Patrick McCullough

I had the pleasure of chatting on the phone this evening with a prospective new member who expressed a desire to be able to enlist the help of friends who either did not claim or could not prove lineage from a Confederate Veteran, but who very much supported the mission of the Sons of Confederate Veterans.

I was quick to inform the member that such individuals certainly have an established outlet for involvement, through Associate Membership (“Friends of the SCV”), but I realized that with nary a mention on the website, I am guilty, as I imagine many of my fellow compatriots are, of falling into a defensive and unfortunate trap of believing that anyone who is not a descendent of a Confederate Veteran is necessarily at odds with the defense of their legacy.

Being someone who has lived in a rural corner of upstate New York for a few years, and seen no shortage of Confederate Flags, I should know better. Just as during the Late War, when the town of Town Line, New York, joined the Confederacy in seceding, many New Yorkers have no shortage of appreciation for the Southern Confederacy in either its aims or the devotion to duty of its soldiers, or both.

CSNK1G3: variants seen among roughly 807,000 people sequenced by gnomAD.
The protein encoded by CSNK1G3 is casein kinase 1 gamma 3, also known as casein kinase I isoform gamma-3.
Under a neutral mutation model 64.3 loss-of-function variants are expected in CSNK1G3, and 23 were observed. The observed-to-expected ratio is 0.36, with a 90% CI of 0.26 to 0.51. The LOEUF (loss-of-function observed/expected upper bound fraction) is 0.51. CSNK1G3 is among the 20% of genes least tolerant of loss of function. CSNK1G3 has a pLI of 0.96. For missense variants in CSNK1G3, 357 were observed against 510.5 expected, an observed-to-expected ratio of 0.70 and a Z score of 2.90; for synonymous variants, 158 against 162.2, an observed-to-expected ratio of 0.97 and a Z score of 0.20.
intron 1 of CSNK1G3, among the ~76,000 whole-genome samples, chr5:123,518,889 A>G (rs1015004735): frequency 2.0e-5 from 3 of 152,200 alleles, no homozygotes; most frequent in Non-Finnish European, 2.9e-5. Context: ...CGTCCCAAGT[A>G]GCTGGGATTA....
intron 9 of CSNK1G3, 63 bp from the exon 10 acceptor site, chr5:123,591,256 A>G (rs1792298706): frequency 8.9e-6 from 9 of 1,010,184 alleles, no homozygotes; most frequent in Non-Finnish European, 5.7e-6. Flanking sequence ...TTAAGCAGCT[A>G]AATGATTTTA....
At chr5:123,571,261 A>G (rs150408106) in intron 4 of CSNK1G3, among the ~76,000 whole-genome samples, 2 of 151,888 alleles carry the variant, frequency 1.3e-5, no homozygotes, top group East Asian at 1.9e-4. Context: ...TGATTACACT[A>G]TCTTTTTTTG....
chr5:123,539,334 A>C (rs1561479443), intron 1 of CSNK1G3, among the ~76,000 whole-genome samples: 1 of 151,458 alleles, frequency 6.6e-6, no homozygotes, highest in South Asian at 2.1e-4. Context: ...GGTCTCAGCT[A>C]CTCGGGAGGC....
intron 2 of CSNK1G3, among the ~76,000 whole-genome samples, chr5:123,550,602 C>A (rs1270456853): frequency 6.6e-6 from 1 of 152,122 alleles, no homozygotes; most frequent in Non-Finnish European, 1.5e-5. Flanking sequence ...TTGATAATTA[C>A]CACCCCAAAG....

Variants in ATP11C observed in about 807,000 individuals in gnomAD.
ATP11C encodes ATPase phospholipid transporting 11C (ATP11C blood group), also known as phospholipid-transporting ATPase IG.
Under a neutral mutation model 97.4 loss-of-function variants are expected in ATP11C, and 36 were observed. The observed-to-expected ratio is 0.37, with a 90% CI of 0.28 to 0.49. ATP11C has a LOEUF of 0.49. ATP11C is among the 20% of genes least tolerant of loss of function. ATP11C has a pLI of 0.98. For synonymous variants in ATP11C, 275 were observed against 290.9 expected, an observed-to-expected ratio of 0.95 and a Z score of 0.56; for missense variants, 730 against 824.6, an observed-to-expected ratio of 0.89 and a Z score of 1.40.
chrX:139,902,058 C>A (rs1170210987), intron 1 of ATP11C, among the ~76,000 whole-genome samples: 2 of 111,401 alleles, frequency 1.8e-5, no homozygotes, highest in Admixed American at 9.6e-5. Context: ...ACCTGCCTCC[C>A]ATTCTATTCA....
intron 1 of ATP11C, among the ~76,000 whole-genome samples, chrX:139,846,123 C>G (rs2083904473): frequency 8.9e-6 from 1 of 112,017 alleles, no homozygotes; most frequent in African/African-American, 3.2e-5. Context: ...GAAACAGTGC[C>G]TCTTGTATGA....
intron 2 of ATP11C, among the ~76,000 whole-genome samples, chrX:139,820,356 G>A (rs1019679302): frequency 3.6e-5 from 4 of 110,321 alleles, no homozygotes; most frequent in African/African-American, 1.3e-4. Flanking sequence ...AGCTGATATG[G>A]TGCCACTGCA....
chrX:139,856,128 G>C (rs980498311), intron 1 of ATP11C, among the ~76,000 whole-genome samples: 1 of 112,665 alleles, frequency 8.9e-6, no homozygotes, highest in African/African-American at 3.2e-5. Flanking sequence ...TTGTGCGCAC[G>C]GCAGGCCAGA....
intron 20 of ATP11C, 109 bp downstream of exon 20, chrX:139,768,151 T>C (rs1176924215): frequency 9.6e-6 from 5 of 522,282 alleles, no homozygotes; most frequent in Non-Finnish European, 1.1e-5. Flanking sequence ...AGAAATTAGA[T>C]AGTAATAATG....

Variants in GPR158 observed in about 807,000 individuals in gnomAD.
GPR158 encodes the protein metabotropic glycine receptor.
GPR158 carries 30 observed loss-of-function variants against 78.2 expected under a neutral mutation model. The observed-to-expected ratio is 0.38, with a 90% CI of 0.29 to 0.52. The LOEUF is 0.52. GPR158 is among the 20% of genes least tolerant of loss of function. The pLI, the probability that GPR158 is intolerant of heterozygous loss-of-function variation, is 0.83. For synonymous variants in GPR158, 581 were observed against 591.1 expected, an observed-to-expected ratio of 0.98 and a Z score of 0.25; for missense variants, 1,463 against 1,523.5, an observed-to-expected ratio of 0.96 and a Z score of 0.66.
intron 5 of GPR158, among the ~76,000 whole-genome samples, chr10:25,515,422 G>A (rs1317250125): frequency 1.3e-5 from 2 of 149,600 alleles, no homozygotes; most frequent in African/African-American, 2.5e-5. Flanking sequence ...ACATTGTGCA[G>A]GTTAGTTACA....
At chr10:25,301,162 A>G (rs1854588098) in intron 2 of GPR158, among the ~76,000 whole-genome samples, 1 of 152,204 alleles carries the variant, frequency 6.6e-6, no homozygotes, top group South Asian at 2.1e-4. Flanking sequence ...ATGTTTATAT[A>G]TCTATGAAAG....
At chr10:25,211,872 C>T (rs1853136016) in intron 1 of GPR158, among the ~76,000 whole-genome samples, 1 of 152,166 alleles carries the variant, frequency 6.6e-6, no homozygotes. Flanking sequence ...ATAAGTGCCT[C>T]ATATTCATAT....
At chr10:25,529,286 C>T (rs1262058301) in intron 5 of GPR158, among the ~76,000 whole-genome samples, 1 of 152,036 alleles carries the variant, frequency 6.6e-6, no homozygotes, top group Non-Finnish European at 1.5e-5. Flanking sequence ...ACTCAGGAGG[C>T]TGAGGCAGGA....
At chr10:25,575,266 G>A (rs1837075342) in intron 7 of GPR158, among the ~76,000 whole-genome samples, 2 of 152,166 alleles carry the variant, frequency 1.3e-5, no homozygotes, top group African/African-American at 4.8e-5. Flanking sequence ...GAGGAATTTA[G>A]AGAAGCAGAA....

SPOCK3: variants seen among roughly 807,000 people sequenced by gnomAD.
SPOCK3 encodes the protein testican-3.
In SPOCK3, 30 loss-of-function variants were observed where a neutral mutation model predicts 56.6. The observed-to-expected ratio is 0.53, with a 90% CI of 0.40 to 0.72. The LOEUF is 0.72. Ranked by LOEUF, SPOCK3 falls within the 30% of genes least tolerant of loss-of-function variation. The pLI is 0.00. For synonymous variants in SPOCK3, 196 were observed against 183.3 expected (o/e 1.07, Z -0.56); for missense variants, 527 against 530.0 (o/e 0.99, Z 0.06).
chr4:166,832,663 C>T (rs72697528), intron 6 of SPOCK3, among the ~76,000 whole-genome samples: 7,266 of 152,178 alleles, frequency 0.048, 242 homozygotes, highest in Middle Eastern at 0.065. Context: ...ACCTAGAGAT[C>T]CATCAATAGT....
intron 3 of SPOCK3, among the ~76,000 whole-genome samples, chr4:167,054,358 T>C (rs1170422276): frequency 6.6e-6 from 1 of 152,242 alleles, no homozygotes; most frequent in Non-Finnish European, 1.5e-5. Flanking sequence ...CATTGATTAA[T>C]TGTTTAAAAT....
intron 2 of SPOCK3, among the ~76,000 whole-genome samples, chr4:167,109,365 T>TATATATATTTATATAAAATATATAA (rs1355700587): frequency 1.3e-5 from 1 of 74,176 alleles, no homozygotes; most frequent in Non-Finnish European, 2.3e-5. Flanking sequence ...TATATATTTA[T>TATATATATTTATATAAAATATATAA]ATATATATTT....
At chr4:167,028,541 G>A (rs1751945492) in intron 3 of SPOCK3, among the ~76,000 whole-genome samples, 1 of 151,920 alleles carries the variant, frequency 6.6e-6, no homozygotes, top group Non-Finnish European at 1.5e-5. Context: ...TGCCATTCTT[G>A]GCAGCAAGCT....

And as many whose forebears had not yet immigrated during the Revolutionary War fly the Marsden Flag high, so too do many see our own Battle Flag, as the audacious standard of a group who stood toe-to-toe with an enemy of much greater numbers when they ceased to feel represented.

New York also boasts no shortage of reenactors, who, after spending days recreating the same deprivations our forebears faced, can’t help but be outraged to see Confederate graves unmarked by the flags under which they fell, and statues and memorials toppled or renamed.

If you fit into any of these categories, you will find yourself just as much at home in the New York Sons of Confederate Veterans as any other member. The only limitations of Associate Membership are that you cannot vote in camp elections or run for office. But you will be subscribed to the National Magazine, CONFEDERATE VETERAN, as well as the Camp’s monthly newsletter, THE COPPERHEAD.  And you will be as welcome as any other member at Camp events, from Southern cocktail receptions to grave restorations and markings.  Finally, you will know that your annual dues go to supporting the ongoing efforts of the Sons of Confederate Veterans in keeping statues and memorials maintained and standing, against the elements, as well as political revisionism.